William Kennedy remembers his friend, Frank McCourt
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A recollection of Frank McCourt
By WILLIAM KENNEDY
Frank McCourt may be dead, but I don’t think so.
He grew up and old with death, a frequent visitor to his family and to his neighborhood in
We were friends for twenty-five years and he came to
In July 2005 I was en route to
Fifty-fifty, not great odds. My wife, Dana, and I saw him and his wife, Ellen, a few months ago after their return from Tahiti where he had suffered the seizure that sent him into horrible pain; and he had to endure it in Tahiti for three days as a hostage to Air France, which couldn’t find him a seat on any US-bound planes. Back in
I met him first on January 4, 1984, when he and his brother Malachy and a dozen other writers, literary critics, talkers, and drinkers came to
The club had been formed to promote mid-day drinking while talking, and perhaps eating, by members, and on this day in 1984 I heard Frank McCourt talk for the first time and I was convulsed. A luncheon in
I learned that the club had been founded on the basis of a novena in the Catholic religion: that if you receive communion on nine consecutive first Fridays you will die in a state of grace and go directly to Heaven. This was slightly modified by the club to assure members that whoever came to lunch nine Fridays in a row would be guaranteed a bartender at his deathbed.
On March 4, 1996 Frank sent me a letter:
“Do you realize it’s 12 years since the First Friday Club pilgrimated to your side at an Italian restaurant in
“I, meself, couldn’t stand it any longer, so I wrote a book and I’m sending you a copy for perusal and, perhaps, a blurb note. That’s if you like the book, of course; if you don’t like it we have a special place for the negative notes and it’s usually not on the book jacket.
“I haven’t seen you in ages … Will we see you ever again at a F.F. gathering? Your membership is not in danger. First Fridayites are like Mafiosi – once you’re in the only way out is the grave.”
So I gave a blurb to the book, which he called ‘Angela’s Ashes’ and I said he was a wizard and that his writing about his boyhood and poverty and family pain in Limerick was as real as a stab in the heart, and I said its language, its narrative grace were that of a fine novel, which is the highest praise I can offer to a prose work. Frank had taught school all his adult life after he came back to this country (he was born here in 1930), and he only began writing with fervor after he retired in 1987. In time the book took shape and it was snatched up in 1996 and Frank’s life changed.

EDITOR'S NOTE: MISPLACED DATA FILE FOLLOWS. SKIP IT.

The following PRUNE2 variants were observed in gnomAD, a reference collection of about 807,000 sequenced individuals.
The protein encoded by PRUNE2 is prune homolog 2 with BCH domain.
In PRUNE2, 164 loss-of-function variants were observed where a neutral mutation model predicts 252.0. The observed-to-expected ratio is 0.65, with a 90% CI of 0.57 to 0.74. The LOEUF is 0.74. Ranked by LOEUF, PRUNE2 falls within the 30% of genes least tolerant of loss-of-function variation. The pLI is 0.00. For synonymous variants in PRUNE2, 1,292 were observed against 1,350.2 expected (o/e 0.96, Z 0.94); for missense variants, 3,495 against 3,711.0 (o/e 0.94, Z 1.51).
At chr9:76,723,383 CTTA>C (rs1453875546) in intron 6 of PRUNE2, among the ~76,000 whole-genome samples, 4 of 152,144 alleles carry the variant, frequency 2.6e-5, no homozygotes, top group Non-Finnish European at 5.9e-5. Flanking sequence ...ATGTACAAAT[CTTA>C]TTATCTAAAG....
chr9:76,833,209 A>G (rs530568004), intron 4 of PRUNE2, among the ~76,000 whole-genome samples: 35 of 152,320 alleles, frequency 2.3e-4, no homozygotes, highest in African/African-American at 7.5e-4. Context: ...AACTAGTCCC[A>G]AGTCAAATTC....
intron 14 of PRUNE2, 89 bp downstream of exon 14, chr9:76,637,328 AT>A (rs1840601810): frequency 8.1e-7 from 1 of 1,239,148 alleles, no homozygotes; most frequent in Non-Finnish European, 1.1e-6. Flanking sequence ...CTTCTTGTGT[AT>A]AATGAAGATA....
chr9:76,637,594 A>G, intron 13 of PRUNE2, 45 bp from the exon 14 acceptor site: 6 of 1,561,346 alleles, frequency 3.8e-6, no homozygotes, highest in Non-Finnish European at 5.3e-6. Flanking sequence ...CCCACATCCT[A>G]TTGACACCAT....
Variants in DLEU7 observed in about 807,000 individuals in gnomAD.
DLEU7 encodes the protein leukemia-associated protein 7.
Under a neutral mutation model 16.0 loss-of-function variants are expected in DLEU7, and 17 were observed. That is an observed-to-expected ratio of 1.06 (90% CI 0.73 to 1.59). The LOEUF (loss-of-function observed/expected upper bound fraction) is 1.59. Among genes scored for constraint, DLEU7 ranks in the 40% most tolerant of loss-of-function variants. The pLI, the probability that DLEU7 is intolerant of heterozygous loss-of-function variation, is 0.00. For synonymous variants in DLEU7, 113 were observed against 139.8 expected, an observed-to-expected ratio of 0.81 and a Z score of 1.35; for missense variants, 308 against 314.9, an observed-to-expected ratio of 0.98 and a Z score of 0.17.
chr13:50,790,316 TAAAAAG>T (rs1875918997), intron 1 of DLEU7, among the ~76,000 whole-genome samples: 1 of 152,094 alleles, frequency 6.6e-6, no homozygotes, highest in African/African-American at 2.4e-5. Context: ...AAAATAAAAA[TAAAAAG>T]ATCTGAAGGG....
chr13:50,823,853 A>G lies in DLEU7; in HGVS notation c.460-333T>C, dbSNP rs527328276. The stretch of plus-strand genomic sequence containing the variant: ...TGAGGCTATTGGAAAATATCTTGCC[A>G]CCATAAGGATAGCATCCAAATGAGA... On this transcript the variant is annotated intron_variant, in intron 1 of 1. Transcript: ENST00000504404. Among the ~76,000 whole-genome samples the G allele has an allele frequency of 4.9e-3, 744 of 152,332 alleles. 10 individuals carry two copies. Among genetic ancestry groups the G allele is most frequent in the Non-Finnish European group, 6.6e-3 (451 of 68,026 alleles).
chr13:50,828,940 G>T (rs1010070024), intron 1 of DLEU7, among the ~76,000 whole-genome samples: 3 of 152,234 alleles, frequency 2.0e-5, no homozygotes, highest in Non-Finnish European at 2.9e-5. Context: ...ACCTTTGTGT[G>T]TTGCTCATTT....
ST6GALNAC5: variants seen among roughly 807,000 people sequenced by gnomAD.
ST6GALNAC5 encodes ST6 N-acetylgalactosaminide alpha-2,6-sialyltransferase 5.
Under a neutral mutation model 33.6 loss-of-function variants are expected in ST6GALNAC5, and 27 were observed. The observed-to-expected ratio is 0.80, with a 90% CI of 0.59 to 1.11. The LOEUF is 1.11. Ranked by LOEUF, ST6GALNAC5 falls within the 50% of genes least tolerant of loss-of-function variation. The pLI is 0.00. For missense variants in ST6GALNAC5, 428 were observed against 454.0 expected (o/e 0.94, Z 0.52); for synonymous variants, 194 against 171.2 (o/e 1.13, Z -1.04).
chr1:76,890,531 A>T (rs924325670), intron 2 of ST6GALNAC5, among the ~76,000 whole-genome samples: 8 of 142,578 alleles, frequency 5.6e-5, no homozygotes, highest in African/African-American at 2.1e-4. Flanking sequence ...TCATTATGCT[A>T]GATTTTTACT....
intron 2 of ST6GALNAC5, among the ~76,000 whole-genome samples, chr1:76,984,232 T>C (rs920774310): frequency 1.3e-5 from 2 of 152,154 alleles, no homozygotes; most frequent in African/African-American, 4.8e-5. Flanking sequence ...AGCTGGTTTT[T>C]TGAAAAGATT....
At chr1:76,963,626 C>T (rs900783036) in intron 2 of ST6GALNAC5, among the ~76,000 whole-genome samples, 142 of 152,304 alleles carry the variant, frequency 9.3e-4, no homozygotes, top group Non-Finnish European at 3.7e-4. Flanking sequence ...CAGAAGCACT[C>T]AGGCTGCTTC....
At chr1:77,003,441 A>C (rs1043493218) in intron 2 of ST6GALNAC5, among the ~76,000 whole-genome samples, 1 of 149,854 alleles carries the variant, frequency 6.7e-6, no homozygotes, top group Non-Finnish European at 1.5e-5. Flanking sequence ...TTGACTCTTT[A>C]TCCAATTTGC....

“Nothing happened to me till I was 66,” he said.
But then it happened with skyrockets. ‘Angela’s Ashes’ won rave reviews from the critics, was a New York Times number one best-seller for a year and on the list for two years; it sold four million in hardcover, millions and millions more in England, Ireland, Germany and everywhere else too. It won the Pulitzer, the National Book Critics Circle Award, it became a movie, and Frank became one of the most famous people on earth. We were in
His talent was singular – in the spoken word as well as his writing, a master raconteur. Every word he uttered could be comic, if he wanted it that way, and he usually did. ‘Angela’s Ashes’ reads like a novel (as do his two subsequent books, ‘’Tis’ and ‘Teacher Man’) but he called it a memoir and so it became; and its form and style loomed with such excellence and success that the memoir has become the form of choice for a legion of authors ever since. Frank had been trying for years to turn his old diaries into a novel but couldn’t make it work. Then he found a voice that sounded like the child he remembered being and he let the boy talk, and the talk captivated the world.
Listen to Frank the boy watching Protestant girls going to church. “I feel sorry for them, especially the girls, who are so lovely, they have such beautiful white teeth. I feel sorry for the beautiful Protestant girls, they’re doomed. That’s what the priests tell us. Outside the Catholic Church there is no salvation. Outside the Catholic Church there is nothing but doom. And I want to save them. Protestant girl, come with me to the
“He says, Frankie, what’s the use of not playing croquet when you’re doomed?”
Frank was very good on doom. But I don’t think it’s in the cards for his big book. That silver-tongued kid from